The family of Noah Pozner was mourning the 6-year-old, killed in the Newtown school massacre, when outrage compounded their sorrow.
Someone they didn’t know was soliciting donations in Noah’s memory, claiming that they’d send any cards, packages and money collected to his parents and siblings. An official-looking website had been set up, with Noah’s name as the address, even including petitions on gun control.
Noah’s uncle, Alexis Haller, called on law enforcement authorities to seek out “these despicable people.”
“These scammers,” he said, “are taking away from families and the spirits of dead kids.”
It happened after 9/11. It happened after Columbine. It happened after Hurricane Katrina. And after this summer’s movie theater shooting in Aurora, Colo.
Sometimes fraud takes the form of bogus charities asking for donations that never get sent to victims. Natural disasters bring another dimension: Scammers try to get government relief money they’re not eligible for.
“It’s abominable,” said Ken Berger, president and CEO of Charity Navigator, which evaluates the performance of charities. “It’s just the lowest kind of thievery.”
Noah Pozner’s relatives found out about one bogus solicitation when a friend received an email asking for money for the family. Poorly punctuated, it gave details about Noah, his funeral and his family. It directed people to send donations to an address in the Bronx, one that the Pozners had never heard of.
It listed a New York City phone number to text with questions about how to donate. When a reporter texted that number Wednesday, a reply came advising the donation go to the United Way.
The Pozner family had the noahpozner.com website transferred to its ownership. Victoria Haller, Noah’s aunt, emailed the person who had originally registered the name. The person, who went by the name Jason Martin, wrote back that he’d meant “to somehow honor Noah and help promote a safer gun culture. I had no ill intentions I assure you.”
Alexis Haller said the experience “should serve as a warning signal to other victims’ families. We urge people to watch out for these frauds on social media sites.”
Consumer groups, state attorneys general and law enforcement authorities call for caution about unsolicited requests for donations, by phone or email. They tell people to be wary of callers who don’t want to answer questions about their organization, who won’t take “no” for an answer, or who convey what seems to be an unreasonable sense of urgency.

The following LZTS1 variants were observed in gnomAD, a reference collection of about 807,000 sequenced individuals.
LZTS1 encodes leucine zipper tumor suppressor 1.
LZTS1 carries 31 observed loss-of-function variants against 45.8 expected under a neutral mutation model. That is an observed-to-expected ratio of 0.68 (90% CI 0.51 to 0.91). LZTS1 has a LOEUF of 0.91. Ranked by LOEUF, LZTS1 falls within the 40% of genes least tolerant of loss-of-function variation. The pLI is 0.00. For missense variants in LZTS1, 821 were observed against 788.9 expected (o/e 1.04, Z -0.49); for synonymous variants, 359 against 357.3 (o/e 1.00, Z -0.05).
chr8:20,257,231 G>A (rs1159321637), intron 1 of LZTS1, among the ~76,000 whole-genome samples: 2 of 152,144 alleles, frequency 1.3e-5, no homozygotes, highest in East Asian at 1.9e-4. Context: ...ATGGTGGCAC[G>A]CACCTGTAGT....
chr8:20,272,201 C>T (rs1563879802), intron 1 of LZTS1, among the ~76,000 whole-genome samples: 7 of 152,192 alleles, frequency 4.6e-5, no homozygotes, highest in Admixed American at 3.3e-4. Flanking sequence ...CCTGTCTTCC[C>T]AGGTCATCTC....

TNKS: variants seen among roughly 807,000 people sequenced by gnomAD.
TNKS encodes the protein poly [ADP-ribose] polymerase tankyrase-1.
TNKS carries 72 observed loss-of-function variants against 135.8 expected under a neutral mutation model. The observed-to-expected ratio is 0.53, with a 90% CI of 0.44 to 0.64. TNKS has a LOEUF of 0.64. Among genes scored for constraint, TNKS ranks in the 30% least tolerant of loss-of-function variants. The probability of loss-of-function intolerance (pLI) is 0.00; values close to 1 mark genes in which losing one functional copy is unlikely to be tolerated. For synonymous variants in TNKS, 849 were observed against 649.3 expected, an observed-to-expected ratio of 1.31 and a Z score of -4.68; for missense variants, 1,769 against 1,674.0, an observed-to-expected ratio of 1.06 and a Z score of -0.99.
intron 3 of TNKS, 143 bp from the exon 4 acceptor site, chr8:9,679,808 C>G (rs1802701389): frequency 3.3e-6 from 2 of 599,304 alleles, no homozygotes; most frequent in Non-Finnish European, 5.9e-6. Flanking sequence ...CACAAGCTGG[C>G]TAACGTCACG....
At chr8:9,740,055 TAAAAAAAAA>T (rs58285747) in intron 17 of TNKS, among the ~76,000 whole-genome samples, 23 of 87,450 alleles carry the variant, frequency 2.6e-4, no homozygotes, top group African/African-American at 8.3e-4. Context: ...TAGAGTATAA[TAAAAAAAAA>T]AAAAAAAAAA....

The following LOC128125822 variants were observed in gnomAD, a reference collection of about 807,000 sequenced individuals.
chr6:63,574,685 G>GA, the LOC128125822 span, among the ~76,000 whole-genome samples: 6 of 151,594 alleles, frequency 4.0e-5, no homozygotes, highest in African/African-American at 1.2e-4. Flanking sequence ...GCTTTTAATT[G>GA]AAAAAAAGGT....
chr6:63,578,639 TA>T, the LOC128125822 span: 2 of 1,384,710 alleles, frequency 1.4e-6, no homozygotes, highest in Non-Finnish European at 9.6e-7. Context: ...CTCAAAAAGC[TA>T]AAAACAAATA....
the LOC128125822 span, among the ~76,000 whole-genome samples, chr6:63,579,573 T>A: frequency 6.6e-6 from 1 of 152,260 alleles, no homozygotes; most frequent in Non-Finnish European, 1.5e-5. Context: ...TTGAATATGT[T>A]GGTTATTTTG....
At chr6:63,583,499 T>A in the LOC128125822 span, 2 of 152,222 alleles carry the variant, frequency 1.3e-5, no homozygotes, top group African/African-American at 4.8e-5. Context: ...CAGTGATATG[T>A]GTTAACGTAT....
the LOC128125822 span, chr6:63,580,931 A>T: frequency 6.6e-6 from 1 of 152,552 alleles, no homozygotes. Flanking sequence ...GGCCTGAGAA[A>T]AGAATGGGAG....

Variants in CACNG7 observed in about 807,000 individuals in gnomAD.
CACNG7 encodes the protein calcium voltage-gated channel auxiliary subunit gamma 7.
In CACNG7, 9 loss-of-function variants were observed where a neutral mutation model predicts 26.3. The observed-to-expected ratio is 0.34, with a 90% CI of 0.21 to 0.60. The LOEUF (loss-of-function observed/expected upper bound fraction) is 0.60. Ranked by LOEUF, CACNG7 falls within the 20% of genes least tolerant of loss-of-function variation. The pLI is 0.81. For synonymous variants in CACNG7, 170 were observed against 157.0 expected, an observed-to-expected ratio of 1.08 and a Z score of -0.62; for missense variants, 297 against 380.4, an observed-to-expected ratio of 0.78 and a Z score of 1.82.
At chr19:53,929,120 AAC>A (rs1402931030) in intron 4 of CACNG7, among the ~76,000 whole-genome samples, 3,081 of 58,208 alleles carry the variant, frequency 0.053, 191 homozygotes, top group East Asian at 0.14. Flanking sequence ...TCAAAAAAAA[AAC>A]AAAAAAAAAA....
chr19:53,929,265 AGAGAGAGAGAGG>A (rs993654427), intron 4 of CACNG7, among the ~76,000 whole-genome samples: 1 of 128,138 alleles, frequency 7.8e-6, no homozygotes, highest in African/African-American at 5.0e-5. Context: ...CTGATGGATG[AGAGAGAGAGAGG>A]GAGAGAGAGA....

“This is a time of mourning for the people of Newtown and for our entire state,” Connecticut Attorney General George Jepsen said in a statement this week. “Unfortunately, it’s also a time when bad actors may seek to exploit those coping with this tragedy.”
But scam artists know that calamity is fertile ground for profit, watered by the goodwill of strangers who want to help and may not be familiar with the cause or the people they’re sending money to.
After the shootings at Columbine High School in Littleton, Colo., scammers asked for credit card donations for victims’ families. After the 9/11 attacks, the North American Securities Administrators Association warned investors to be wary of Internet postings encouraging them to invest in supposed anti-terrorist technologies.
In 2006, the FBI warned about an email widely circulated after the Sago, W.Va., mine explosion, which claimed to be from a doctor treating one of the survivors and asking for donations to cover medical bills.
“As was learned after the tragic events of 9/11/01, the tsunami disaster, and more recently with Hurricane Katrina, unscrupulous cyber criminals have shown the desire and means to exploit human emotion by attempting to defraud the public when they are perceived to be most vulnerable,” the FBI said at the time.
This fall, the police in Aurora, Colo., accused a local woman of trying to profit off the deadly movie theater rampage by a gunman who killed 12 people. The woman told people that she was the caretaker for a little girl named Kadence, whose mother had died in the shooting. The police said the child was made up. The scam unraveled when a donor got a phone call from what seemed to be a woman imitating a child’s voice.
When the government doled out disaster aid after Hurricane Katrina, scammers asked for money to rebuild houses they never lived in or to pay benefits for relatives who never existed.
The government later set up the National Center for Disaster Fraud to try to root out such scams in the federal relief programs administered after Hurricanes Katrina, Rita and Wilma. It has since expanded its mandate to other disasters.
The cases brought since then by the Justice Department sketch a colorful picture of fraud:
– A woman who filed for small-business disaster benefits after the 2010 Gulf Coast oil spill, even though she’d sold the business before the accident.
– A judge and a commissioner in Texas who, after Hurricane Ike, were accused of awarding debris removal contracts to a company in return for kickbacks. The judge also commandeered a 155-kilowatt generator meant for the county to power his convenience store, according to the government.
– A pastor who submitted inflated claims to a government-funded program that reimbursed groups sheltering Hurricane Katrina evacuees.
Bob Webster, spokesman for the NASAA, knows the sad pattern.
“We know cons try to cash in on headlines, and any who would even think about stooping to capitalize on the tragedy in Newtown are the lowest of the low,” he said.
Source: NBC 4 NY